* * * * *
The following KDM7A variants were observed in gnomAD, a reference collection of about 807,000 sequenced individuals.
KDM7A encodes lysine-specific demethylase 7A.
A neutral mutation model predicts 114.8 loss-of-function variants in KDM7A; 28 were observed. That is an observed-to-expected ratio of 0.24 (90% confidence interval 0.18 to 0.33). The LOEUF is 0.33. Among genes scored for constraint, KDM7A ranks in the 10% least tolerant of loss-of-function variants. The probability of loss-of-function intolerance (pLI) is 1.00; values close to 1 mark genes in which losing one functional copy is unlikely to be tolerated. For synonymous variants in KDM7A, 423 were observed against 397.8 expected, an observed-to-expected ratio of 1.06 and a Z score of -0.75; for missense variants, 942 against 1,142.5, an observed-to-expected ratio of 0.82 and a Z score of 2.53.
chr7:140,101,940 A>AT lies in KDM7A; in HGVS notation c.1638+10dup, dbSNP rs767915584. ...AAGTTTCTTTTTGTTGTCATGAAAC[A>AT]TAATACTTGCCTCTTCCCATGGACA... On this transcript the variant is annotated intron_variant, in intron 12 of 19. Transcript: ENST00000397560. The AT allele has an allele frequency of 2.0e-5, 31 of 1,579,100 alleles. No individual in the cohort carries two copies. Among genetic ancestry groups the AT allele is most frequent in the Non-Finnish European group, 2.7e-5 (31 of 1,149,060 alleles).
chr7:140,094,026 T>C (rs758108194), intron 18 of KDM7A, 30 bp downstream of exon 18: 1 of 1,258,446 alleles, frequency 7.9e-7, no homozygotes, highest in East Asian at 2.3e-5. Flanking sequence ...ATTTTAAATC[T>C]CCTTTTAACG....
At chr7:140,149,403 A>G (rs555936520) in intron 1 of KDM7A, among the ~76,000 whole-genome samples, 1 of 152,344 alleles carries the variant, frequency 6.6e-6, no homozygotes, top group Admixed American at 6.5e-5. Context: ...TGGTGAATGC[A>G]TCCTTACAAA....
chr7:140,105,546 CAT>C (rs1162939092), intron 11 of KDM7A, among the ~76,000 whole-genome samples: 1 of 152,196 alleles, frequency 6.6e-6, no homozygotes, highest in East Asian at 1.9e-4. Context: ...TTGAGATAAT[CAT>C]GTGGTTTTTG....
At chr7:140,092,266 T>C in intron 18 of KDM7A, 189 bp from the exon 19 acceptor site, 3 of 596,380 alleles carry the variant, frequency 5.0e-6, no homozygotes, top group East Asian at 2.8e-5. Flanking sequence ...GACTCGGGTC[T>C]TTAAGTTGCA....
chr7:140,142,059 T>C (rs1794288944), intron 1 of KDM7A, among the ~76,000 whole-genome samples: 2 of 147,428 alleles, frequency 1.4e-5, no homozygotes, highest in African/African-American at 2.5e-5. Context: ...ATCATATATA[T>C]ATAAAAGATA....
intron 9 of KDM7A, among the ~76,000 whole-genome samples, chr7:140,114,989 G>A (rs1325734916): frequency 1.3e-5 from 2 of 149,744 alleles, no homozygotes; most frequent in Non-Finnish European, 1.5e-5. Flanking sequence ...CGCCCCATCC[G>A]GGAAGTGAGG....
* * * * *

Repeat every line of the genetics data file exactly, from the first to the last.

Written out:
The following KDM7A variants were observed in gnomAD, a reference collection of about 807,000 sequenced individuals.
KDM7A encodes lysine-specific demethylase 7A.
A neutral mutation model predicts 114.8 loss-of-function variants in KDM7A; 28 were observed. That is an observed-to-expected ratio of 0.24 (90% confidence interval 0.18 to 0.33). The LOEUF is 0.33. Among genes scored for constraint, KDM7A ranks in the 10% least tolerant of loss-of-function variants. The probability of loss-of-function intolerance (pLI) is 1.00; values close to 1 mark genes in which losing one functional copy is unlikely to be tolerated. For synonymous variants in KDM7A, 423 were observed against 397.8 expected, an observed-to-expected ratio of 1.06 and a Z score of -0.75; for missense variants, 942 against 1,142.5, an observed-to-expected ratio of 0.82 and a Z score of 2.53.
chr7:140,101,940 A>AT lies in KDM7A; in HGVS notation c.1638+10dup, dbSNP rs767915584. ...AAGTTTCTTTTTGTTGTCATGAAAC[A>AT]TAATACTTGCCTCTTCCCATGGACA... On this transcript the variant is annotated intron_variant, in intron 12 of 19. Transcript: ENST00000397560. The AT allele has an allele frequency of 2.0e-5, 31 of 1,579,100 alleles. No individual in the cohort carries two copies. Among genetic ancestry groups the AT allele is most frequent in the Non-Finnish European group, 2.7e-5 (31 of 1,149,060 alleles).
chr7:140,094,026 T>C (rs758108194), intron 18 of KDM7A, 30 bp downstream of exon 18: 1 of 1,258,446 alleles, frequency 7.9e-7, no homozygotes, highest in East Asian at 2.3e-5. Flanking sequence ...ATTTTAAATC[T>C]CCTTTTAACG....
At chr7:140,149,403 A>G (rs555936520) in intron 1 of KDM7A, among the ~76,000 whole-genome samples, 1 of 152,344 alleles carries the variant, frequency 6.6e-6, no homozygotes, top group Admixed American at 6.5e-5. Context: ...TGGTGAATGC[A>G]TCCTTACAAA....
chr7:140,105,546 CAT>C (rs1162939092), intron 11 of KDM7A, among the ~76,000 whole-genome samples: 1 of 152,196 alleles, frequency 6.6e-6, no homozygotes, highest in East Asian at 1.9e-4. Context: ...TTGAGATAAT[CAT>C]GTGGTTTTTG....
At chr7:140,092,266 T>C in intron 18 of KDM7A, 189 bp from the exon 19 acceptor site, 3 of 596,380 alleles carry the variant, frequency 5.0e-6, no homozygotes, top group East Asian at 2.8e-5. Flanking sequence ...GACTCGGGTC[T>C]TTAAGTTGCA....
chr7:140,142,059 T>C (rs1794288944), intron 1 of KDM7A, among the ~76,000 whole-genome samples: 2 of 147,428 alleles, frequency 1.4e-5, no homozygotes, highest in African/African-American at 2.5e-5. Context: ...ATCATATATA[T>C]ATAAAAGATA....
intron 9 of KDM7A, among the ~76,000 whole-genome samples, chr7:140,114,989 G>A (rs1325734916): frequency 1.3e-5 from 2 of 149,744 alleles, no homozygotes; most frequent in Non-Finnish European, 1.5e-5. Flanking sequence ...CGCCCCATCC[G>A]GGAAGTGAGG....